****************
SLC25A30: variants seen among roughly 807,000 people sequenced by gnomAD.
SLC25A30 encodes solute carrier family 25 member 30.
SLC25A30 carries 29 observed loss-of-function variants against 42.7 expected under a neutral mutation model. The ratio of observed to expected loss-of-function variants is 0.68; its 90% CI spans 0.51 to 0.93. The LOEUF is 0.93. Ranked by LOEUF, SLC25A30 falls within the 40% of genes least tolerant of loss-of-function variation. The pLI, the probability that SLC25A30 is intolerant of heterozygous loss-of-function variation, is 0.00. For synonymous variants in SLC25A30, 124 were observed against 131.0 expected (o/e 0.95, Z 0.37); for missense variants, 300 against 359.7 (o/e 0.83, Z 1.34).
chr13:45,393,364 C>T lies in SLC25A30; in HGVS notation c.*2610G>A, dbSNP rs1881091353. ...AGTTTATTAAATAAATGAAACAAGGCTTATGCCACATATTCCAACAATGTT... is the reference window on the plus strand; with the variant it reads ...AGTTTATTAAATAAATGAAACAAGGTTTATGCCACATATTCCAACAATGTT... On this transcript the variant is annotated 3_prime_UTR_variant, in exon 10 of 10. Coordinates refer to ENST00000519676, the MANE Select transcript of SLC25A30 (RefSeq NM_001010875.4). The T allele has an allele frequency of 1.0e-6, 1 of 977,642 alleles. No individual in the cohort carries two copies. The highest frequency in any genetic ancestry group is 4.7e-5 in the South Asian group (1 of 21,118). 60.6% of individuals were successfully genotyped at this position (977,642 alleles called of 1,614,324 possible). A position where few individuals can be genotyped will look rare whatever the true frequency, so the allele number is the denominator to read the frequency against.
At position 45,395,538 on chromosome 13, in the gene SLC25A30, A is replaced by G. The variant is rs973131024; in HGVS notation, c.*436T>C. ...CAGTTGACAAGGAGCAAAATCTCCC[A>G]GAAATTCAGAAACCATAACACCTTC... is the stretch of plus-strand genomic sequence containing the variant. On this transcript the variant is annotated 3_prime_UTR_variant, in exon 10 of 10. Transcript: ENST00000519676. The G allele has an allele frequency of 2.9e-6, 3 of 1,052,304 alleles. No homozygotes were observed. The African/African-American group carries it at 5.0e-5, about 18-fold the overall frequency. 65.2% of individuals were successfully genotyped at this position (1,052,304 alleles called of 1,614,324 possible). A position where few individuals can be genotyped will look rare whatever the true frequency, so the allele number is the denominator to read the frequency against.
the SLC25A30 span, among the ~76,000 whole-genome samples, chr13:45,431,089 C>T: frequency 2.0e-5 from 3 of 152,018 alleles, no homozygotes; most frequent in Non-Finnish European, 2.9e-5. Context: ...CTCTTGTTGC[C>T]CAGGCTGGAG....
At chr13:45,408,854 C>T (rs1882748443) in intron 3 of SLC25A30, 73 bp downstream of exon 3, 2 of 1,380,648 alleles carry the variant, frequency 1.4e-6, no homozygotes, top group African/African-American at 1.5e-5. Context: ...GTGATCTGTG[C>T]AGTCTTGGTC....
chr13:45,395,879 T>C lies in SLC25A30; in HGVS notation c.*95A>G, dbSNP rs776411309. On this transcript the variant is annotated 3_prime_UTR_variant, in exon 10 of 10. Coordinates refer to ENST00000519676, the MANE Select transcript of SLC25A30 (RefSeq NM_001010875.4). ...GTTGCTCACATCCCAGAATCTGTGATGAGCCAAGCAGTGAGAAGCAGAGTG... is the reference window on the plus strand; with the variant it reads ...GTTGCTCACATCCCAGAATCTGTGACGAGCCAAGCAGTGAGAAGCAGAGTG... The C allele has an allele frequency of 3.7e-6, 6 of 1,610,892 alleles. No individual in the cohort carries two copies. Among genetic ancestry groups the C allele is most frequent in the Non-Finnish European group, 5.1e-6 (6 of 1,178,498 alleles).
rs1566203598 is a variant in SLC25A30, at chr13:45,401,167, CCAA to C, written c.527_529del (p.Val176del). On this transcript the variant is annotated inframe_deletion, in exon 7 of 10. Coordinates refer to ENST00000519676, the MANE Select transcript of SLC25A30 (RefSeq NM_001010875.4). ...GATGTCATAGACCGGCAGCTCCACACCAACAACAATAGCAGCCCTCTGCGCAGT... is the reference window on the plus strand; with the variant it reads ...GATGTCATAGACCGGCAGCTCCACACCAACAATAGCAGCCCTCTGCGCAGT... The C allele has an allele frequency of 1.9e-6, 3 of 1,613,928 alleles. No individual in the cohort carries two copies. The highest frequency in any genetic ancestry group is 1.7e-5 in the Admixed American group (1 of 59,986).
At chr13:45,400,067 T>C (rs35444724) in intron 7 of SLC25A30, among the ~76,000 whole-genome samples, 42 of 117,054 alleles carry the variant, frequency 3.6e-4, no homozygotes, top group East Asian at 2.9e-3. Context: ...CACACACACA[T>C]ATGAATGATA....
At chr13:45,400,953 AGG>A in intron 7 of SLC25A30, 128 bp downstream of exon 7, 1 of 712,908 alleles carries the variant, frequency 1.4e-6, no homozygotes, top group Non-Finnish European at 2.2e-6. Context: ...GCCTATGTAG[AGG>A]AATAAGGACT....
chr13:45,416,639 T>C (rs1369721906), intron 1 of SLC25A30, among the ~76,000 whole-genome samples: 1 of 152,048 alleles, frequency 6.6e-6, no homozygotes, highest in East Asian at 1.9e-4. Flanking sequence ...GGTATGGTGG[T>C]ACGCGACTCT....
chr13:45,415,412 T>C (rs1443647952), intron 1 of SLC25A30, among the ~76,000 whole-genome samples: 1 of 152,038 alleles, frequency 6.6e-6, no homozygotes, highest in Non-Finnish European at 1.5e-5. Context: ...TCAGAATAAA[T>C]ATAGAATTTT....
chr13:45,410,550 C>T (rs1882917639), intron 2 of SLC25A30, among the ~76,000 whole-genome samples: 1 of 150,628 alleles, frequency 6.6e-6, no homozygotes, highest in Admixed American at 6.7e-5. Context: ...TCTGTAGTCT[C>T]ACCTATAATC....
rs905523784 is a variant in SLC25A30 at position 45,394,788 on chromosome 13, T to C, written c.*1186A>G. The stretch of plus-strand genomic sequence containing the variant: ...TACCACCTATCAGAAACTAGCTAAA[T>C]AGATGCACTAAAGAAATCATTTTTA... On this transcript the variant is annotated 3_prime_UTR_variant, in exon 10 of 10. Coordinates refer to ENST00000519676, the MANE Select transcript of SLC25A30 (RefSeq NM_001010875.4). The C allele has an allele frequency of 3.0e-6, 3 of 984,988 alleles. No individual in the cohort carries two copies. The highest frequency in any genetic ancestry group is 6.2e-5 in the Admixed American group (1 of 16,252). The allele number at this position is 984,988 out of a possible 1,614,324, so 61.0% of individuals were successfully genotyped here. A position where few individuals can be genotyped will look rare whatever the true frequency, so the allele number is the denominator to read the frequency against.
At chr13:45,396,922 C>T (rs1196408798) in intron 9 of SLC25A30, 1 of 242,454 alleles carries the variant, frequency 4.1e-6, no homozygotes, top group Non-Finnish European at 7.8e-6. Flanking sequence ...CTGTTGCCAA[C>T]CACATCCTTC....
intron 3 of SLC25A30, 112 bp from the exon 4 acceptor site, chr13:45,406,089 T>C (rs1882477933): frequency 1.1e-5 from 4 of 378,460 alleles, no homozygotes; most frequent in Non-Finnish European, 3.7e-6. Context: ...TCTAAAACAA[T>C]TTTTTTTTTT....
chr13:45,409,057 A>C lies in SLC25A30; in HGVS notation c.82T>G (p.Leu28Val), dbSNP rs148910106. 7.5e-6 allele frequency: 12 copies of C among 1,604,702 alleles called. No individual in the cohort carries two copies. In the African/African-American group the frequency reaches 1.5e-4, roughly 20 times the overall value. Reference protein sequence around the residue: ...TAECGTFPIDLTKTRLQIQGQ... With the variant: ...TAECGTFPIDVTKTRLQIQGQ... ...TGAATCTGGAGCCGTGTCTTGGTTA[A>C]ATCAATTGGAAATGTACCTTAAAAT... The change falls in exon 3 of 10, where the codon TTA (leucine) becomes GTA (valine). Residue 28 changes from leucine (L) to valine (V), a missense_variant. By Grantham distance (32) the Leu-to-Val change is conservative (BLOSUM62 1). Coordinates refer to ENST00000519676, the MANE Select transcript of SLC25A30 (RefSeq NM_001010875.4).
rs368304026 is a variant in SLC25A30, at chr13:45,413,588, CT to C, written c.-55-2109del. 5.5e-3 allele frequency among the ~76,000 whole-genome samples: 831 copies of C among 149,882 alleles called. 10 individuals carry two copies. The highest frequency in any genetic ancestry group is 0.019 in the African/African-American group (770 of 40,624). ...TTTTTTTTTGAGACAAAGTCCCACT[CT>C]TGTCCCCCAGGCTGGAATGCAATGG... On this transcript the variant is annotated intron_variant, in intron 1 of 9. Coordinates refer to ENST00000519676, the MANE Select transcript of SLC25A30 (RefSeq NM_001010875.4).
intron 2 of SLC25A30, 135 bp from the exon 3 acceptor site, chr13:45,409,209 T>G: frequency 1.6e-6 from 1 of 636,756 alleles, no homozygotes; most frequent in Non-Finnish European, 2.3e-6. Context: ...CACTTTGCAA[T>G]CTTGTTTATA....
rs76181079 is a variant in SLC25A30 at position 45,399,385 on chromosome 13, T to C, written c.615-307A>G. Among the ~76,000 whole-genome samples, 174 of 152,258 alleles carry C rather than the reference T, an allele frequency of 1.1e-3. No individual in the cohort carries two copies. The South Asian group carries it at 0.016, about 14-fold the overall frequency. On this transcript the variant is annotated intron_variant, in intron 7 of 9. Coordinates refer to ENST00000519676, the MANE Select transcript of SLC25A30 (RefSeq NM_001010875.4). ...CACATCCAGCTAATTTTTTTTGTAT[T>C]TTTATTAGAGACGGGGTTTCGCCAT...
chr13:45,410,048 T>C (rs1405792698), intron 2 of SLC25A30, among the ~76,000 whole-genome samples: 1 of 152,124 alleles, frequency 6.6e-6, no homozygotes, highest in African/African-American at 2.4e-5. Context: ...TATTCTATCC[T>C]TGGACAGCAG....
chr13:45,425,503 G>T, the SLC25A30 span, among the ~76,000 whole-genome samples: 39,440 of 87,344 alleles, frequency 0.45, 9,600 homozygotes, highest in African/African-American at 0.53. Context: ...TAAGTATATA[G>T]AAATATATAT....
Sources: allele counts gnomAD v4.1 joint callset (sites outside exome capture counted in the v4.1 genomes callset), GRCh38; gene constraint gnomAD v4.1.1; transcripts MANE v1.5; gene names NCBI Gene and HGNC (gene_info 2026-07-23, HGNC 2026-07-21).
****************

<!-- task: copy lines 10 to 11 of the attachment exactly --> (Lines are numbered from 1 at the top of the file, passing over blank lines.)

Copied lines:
At chr13:45,400,067 T>C (rs35444724) in intron 7 of SLC25A30, among the ~76,000 whole-genome samples, 42 of 117,054 alleles carry the variant, frequency 3.6e-4, no homozygotes, top group East Asian at 2.9e-3. Context: ...CACACACACA[T>C]ATGAATGATA....
At chr13:45,400,953 AGG>A in intron 7 of SLC25A30, 128 bp downstream of exon 7, 1 of 712,908 alleles carries the variant, frequency 1.4e-6, no homozygotes, top group Non-Finnish European at 2.2e-6. Context: ...GCCTATGTAG[AGG>A]AATAAGGACT....